9 Best Coastal Campgrounds in Britain

England’s unique coastline is home to a mountain of indoor and outdoor attractions offering history, heritage, and some of the best beach combing in the UK. Inns and hotels dot the oceanfront and so do some of the most sublime campgrounds, offering convenient facilities for visitors exploring the many varied backdrops along the coast. Whether pitching a tent, popping open a camper, or booking a cozy camping snug, a world of natural treasures opens up along the brilliant waterfront: beaches, castles, gorgeous walking paths, historic pubs, and rich wildlife create divinely diverse experiences.

  1. Isles of Scilly |  Bryher Campsite

The mostly sheltered Bryher Campsite in Isles of Scilly, tucked between two large hills, is the perfect place to catch views of Tresco and  Hangman Island. Isles of Scilly is set in Cornwall County and surrounded by waters so clear and blue they could easily be mistaken for a Caribbean backdrop. The archipelago off the southwest end of the Cornish peninsula has a tiny population and is the perfect spot to breathe the air and recharge your mind, body, and soul. At Green Bay there’s a beautiful sandy beach and a peaceful feel at Rushy Cove where swimming conditions are ideal. With showers, washing machines, clothes dryers, and proper restrooms, it doesn’t feel much like roughing it. For a break from the campfire, visit one of the most popular nearby pubs, Fraggle Rock, or enjoy delectable seafood suppers at Hell Bay Hotel.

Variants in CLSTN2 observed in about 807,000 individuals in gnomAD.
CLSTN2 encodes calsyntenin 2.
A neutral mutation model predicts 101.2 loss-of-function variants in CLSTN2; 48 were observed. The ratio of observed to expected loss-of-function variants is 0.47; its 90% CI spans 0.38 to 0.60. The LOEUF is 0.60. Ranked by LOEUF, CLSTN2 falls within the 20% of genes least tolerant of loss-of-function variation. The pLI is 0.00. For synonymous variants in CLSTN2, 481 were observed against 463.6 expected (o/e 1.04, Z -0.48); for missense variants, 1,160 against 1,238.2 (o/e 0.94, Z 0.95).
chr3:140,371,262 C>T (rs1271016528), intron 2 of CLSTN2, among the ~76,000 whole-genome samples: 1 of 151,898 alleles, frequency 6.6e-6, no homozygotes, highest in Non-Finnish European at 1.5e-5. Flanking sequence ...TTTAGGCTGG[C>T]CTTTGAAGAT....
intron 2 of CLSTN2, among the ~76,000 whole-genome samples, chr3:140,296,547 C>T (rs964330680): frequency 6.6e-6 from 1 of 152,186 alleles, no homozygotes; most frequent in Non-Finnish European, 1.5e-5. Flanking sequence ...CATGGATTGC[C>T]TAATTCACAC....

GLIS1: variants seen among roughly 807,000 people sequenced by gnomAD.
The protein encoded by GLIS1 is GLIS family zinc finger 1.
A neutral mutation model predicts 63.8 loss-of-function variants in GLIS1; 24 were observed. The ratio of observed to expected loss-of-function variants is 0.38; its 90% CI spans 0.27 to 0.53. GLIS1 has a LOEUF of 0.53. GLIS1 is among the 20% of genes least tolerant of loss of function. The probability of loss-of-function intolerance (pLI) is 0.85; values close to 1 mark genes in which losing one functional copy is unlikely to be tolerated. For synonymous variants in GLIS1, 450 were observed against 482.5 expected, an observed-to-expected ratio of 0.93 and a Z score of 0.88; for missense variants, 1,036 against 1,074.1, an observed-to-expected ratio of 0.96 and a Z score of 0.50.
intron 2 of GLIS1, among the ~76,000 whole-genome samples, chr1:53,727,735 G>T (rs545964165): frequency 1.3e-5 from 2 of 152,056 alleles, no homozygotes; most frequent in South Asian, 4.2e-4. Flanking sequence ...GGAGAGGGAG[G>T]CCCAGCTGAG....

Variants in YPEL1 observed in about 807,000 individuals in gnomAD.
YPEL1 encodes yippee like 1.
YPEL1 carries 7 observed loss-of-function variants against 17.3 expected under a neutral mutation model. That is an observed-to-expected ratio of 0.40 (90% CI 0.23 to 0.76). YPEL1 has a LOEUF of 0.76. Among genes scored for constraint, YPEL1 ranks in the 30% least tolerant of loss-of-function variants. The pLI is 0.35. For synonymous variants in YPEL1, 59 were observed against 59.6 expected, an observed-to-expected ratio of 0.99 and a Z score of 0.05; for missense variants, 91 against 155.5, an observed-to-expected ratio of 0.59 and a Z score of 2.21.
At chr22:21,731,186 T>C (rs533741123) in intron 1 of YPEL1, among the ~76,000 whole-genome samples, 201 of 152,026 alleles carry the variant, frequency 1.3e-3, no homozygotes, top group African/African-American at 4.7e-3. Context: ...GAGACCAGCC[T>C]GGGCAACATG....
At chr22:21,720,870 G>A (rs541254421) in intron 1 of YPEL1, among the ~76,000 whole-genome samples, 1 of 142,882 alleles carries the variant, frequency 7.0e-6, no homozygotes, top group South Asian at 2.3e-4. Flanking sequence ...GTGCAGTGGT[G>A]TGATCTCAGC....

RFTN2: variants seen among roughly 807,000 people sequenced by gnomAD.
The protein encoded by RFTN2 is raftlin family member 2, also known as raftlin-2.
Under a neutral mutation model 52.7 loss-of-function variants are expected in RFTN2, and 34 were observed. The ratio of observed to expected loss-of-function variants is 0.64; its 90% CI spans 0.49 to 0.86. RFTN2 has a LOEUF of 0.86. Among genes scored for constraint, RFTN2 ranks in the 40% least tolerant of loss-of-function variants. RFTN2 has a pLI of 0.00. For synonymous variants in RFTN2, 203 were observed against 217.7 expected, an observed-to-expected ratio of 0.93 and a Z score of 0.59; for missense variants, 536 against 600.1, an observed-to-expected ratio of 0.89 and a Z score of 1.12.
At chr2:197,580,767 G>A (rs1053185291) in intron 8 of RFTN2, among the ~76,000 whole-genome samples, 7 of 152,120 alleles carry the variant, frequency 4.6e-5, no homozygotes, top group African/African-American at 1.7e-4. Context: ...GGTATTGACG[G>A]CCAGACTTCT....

1. Pembrokeshire | Dale Hill Farm

Another noteworthy camping area in Pembrokeshire, Dale Hill Farm offers the riches of the exciting coastline where outdoor activities abound and the scenery is something difficult to take your eyes off. Dale Hill Farm provides a large, open field, a backdrop of a rocky escarpment, and fantastic vistas of Milford Haven estuary. Enjoy basic amenities including showers, bathrooms, and a space for doing dishes with handy access to a freezer and refrigerator. Diving and surfing is possible at West Dale and pontoon crabbing is a delight for kids. Skokholm and Skomer are both natural reserves explored via a quick boat trip to the stunning islands.  The coast is showered with natural attractions found along the 299-kilometer coastal route beginning in Cardigan and ending at Amroth Castle. It can be walked, driven, cycled, or explored in any combination of ways.

  1. Penzance | Treen Farm Campsite

Located in the port of Cornwall on the west side, Treen Farm Campsite faces the gleaming English channel, borders Newlyn (a popular fishing port) and is just 600 feet from Treen Cliff. Facing southwest, Treen receives excellent sunlight, and there are beautiful, 360-degree vistas, a large recreation area, and a handy, onsite shop. There are beaches within easy walking and driving distance. Nearby Penzance and the pretty port are also close by where there are quaint shops and a harbour where fishing boats can be rented or trips arranged. Logan Rock is one of the nearby possible cliff walks best for beginners or intermediates and the Southwest Coast Path can be hiked in either direction: west for Sennen Cove and Lands End and east for Newlyn, Lamorna, and Mousehole–the entire coast is a cycling Mecca and bikes can be borrowed from Treen Farm.

  1. Cornwall | Bay View Farm